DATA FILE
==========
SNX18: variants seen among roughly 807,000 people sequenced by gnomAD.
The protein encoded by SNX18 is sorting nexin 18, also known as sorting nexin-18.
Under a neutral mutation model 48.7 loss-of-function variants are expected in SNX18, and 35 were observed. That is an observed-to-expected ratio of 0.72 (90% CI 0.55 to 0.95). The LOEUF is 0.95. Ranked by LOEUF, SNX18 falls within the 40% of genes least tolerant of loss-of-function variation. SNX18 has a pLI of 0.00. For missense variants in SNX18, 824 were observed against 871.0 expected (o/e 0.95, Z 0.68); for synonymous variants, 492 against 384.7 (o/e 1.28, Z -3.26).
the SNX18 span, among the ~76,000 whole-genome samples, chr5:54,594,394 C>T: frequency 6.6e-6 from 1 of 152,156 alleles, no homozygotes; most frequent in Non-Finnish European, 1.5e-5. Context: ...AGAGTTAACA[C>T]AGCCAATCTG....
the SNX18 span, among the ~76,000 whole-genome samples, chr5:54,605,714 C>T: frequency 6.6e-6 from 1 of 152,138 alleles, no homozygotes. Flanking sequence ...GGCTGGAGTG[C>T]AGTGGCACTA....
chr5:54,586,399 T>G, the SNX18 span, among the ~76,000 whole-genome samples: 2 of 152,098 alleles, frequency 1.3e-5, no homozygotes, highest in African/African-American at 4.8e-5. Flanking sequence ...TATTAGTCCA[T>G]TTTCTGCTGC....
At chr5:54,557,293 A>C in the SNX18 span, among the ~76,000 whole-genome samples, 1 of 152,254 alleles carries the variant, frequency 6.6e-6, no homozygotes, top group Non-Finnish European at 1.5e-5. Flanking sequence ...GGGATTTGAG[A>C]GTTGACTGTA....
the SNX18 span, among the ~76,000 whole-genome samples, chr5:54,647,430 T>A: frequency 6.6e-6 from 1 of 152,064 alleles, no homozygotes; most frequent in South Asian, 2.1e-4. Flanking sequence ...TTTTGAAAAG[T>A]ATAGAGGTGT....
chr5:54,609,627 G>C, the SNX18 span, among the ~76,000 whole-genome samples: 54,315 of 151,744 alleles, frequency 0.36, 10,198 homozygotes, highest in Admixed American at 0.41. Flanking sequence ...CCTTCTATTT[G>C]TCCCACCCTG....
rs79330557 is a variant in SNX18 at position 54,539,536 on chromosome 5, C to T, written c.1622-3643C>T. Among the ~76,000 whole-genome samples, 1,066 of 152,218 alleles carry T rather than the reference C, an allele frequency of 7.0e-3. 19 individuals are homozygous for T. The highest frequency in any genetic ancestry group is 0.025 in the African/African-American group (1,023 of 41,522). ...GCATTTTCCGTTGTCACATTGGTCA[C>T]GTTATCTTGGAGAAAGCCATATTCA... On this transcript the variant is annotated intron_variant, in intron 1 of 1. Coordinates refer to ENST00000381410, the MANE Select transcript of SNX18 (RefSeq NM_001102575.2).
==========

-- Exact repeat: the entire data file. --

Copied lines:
SNX18: variants seen among roughly 807,000 people sequenced by gnomAD.
The protein encoded by SNX18 is sorting nexin 18, also known as sorting nexin-18.
Under a neutral mutation model 48.7 loss-of-function variants are expected in SNX18, and 35 were observed. That is an observed-to-expected ratio of 0.72 (90% CI 0.55 to 0.95). The LOEUF is 0.95. Ranked by LOEUF, SNX18 falls within the 40% of genes least tolerant of loss-of-function variation. SNX18 has a pLI of 0.00. For missense variants in SNX18, 824 were observed against 871.0 expected (o/e 0.95, Z 0.68); for synonymous variants, 492 against 384.7 (o/e 1.28, Z -3.26).
the SNX18 span, among the ~76,000 whole-genome samples, chr5:54,594,394 C>T: frequency 6.6e-6 from 1 of 152,156 alleles, no homozygotes; most frequent in Non-Finnish European, 1.5e-5. Context: ...AGAGTTAACA[C>T]AGCCAATCTG....
the SNX18 span, among the ~76,000 whole-genome samples, chr5:54,605,714 C>T: frequency 6.6e-6 from 1 of 152,138 alleles, no homozygotes. Flanking sequence ...GGCTGGAGTG[C>T]AGTGGCACTA....
chr5:54,586,399 T>G, the SNX18 span, among the ~76,000 whole-genome samples: 2 of 152,098 alleles, frequency 1.3e-5, no homozygotes, highest in African/African-American at 4.8e-5. Flanking sequence ...TATTAGTCCA[T>G]TTTCTGCTGC....
At chr5:54,557,293 A>C in the SNX18 span, among the ~76,000 whole-genome samples, 1 of 152,254 alleles carries the variant, frequency 6.6e-6, no homozygotes, top group Non-Finnish European at 1.5e-5. Flanking sequence ...GGGATTTGAG[A>C]GTTGACTGTA....
the SNX18 span, among the ~76,000 whole-genome samples, chr5:54,647,430 T>A: frequency 6.6e-6 from 1 of 152,064 alleles, no homozygotes; most frequent in South Asian, 2.1e-4. Flanking sequence ...TTTTGAAAAG[T>A]ATAGAGGTGT....
chr5:54,609,627 G>C, the SNX18 span, among the ~76,000 whole-genome samples: 54,315 of 151,744 alleles, frequency 0.36, 10,198 homozygotes, highest in Admixed American at 0.41. Flanking sequence ...CCTTCTATTT[G>C]TCCCACCCTG....
rs79330557 is a variant in SNX18 at position 54,539,536 on chromosome 5, C to T, written c.1622-3643C>T. Among the ~76,000 whole-genome samples, 1,066 of 152,218 alleles carry T rather than the reference C, an allele frequency of 7.0e-3. 19 individuals are homozygous for T. The highest frequency in any genetic ancestry group is 0.025 in the African/African-American group (1,023 of 41,522). ...GCATTTTCCGTTGTCACATTGGTCA[C>T]GTTATCTTGGAGAAAGCCATATTCA... On this transcript the variant is annotated intron_variant, in intron 1 of 1. Coordinates refer to ENST00000381410, the MANE Select transcript of SNX18 (RefSeq NM_001102575.2).